As a contracted service, facility leaders look to the anesthesia department for an aligned direction, continually improving operating room performance and services. The culture of anesthesia groups varies greatly from facility to facility. Some groups have a mindset of customer service, responsiveness and play an active role in advancing operating room performance. Others groups are perceived as the opposite. In fact, when asked who anesthesia groups feel is their main customer, surgeons and administrators often say that the group perceives itself as the customer. In other words, the groups’ goal is to minimize their own work, maximize time off and to maintain the status quo wherever possible. Needless to say this is not a great strategy for long term contract retention!

In the current environment, with many large national and regional entities seeking to earn hospital contracts, being perceived as self-serving and noncustomer friendly is a dangerous strategy. We believe that group leaders should recognize that they are in a service business and that they should understand and service their customers—surgeons, administrators, patients and OR nursing leadership. We recommend a focus on the “5 Cs of leadership.”

  • Culture (of customer service)
  • Consistency (in delivery of services)
  • Communication (with all other members of the perioperative team)
  • Customer Service (for administration, surgeons and patients)
  • Collaboration (on initiatives to improve OR safety and efficiency)

1. Please, Please, Please Keep The Surgeons Out Of My Office!!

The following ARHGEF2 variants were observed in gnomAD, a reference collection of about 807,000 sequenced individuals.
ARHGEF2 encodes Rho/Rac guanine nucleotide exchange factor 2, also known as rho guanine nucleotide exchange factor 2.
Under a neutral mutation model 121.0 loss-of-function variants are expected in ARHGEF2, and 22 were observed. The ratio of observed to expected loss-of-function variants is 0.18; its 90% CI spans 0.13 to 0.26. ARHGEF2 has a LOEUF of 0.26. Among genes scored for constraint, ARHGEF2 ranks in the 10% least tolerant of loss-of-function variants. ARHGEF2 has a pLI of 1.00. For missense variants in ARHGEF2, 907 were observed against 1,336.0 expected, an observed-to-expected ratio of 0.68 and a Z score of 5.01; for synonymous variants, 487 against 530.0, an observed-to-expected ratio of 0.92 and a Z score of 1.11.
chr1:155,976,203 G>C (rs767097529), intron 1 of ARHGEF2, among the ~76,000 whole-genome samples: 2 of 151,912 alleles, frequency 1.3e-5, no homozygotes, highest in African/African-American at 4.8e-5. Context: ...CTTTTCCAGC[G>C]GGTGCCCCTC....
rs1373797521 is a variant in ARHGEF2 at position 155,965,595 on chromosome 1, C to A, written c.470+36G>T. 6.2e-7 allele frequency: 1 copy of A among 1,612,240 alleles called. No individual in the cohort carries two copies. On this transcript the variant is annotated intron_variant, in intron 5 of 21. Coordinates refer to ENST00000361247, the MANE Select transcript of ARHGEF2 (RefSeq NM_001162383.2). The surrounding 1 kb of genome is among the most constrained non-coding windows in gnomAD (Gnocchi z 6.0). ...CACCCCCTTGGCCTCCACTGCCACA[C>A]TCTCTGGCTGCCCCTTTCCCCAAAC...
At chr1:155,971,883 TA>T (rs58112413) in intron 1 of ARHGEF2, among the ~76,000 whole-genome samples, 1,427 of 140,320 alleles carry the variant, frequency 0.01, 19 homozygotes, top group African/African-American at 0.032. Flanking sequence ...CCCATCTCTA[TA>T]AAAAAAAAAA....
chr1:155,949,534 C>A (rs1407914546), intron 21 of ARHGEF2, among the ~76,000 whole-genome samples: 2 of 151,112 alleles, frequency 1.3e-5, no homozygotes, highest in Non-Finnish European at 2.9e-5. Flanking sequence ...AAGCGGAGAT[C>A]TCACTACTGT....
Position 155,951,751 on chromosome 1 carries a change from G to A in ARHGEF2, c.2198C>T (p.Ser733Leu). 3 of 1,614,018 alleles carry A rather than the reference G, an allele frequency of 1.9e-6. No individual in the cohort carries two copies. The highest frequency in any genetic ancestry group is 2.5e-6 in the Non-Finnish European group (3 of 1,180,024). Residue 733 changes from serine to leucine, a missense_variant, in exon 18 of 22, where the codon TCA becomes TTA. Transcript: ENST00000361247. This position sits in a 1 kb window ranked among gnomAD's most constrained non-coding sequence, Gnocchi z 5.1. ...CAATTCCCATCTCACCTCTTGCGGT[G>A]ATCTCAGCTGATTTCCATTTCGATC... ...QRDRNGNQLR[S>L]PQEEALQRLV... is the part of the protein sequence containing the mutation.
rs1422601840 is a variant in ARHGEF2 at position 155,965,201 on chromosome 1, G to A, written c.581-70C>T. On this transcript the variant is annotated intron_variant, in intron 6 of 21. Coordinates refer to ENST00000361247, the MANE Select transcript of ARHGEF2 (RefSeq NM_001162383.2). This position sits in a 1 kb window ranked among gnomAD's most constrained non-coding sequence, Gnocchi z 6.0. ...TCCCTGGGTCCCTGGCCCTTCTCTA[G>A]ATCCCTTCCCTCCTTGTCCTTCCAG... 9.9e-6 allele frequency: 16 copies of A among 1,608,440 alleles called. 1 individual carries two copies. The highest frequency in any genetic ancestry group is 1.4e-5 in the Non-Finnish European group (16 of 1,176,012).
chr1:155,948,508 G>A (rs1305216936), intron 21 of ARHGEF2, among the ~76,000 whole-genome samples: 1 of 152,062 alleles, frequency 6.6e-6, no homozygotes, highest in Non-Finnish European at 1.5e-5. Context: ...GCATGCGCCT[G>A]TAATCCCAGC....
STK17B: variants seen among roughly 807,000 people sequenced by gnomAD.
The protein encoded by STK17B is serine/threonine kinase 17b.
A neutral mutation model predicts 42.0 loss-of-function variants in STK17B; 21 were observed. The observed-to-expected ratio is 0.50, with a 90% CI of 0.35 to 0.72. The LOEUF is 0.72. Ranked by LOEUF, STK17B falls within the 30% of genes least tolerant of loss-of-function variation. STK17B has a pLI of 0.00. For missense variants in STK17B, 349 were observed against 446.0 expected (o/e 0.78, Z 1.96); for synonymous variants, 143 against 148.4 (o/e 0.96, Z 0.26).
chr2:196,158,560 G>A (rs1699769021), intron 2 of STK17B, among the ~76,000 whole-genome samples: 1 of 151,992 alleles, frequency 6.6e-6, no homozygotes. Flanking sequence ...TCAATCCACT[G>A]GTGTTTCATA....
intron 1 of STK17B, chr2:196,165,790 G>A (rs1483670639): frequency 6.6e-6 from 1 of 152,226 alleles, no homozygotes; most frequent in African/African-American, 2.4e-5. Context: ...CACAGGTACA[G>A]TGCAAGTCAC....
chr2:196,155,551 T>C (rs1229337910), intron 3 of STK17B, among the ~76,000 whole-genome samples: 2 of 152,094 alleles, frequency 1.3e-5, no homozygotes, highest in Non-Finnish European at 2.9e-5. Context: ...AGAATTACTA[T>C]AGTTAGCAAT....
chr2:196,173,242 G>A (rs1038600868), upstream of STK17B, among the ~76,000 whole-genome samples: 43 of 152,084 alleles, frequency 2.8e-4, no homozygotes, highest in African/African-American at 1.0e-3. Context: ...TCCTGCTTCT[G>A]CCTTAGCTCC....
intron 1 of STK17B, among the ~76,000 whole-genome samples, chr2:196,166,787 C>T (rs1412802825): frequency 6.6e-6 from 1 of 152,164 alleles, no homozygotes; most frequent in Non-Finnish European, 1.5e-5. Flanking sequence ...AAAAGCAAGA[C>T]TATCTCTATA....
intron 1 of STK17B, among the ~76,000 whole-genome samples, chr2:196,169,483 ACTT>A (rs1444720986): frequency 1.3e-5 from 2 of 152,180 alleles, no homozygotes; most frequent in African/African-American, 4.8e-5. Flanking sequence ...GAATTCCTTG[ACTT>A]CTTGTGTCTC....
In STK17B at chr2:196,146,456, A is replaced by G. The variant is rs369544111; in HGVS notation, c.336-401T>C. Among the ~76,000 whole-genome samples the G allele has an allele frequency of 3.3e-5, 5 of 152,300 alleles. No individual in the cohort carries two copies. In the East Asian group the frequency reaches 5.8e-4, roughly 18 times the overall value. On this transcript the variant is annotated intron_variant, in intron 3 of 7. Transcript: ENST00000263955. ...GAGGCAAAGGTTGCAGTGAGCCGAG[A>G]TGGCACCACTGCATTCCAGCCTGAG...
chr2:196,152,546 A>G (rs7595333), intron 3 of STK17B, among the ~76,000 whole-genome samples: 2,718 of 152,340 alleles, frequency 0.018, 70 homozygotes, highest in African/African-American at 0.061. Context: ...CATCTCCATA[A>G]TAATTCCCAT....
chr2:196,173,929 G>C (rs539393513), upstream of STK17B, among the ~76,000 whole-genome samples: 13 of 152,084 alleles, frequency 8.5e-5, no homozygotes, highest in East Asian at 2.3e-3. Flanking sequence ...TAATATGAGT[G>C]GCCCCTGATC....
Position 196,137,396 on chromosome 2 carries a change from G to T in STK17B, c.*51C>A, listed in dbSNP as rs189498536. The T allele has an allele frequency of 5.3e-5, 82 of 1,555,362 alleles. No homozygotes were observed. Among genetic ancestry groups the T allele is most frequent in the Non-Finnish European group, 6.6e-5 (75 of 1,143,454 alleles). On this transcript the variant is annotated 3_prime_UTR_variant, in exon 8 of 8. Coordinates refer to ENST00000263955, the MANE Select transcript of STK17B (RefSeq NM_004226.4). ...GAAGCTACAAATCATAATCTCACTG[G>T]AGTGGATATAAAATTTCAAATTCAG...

After all, the bottom line is the bottom line! Hospital C-Suite executives are constantly inundated with issues from all areas of their facilities. To a meaningful degree their perception of hospital-based service providers comes from the feedback of the medical staff. In the case of anesthesia groups that is, of course, focused on surgeons. Surgeons don’t tend to be shy about voicing their opinions, which form the basis for the view of the anesthesia group from the C-Suite.

In order to maintain a positive rapport with surgical colleagues, focus on many of the items in #2. In our experience, communication is the cornerstone of maintaining good relationships. Patient care is fraught with many variables that can derail the daily schedule and negatively impact surgical colleagues. If anesthesia providers focus on physician-to-physician communication, many problems may be nipped in the bud and the surgeons will (hopefully) stay out of the C-Suite.

For anesthesia groups the current environment includes our primary hospital customers feeling extreme cost sensitivity and intense local quality and service competition. By always keeping in mind what the needs of our surgeons (and their patients) are, we can keep the support of our hospital customers who control our most vital professional assets—our contracts.

This article also appears here in the Spring 2014 Edition of Communique by Anesthesia Business Consultants.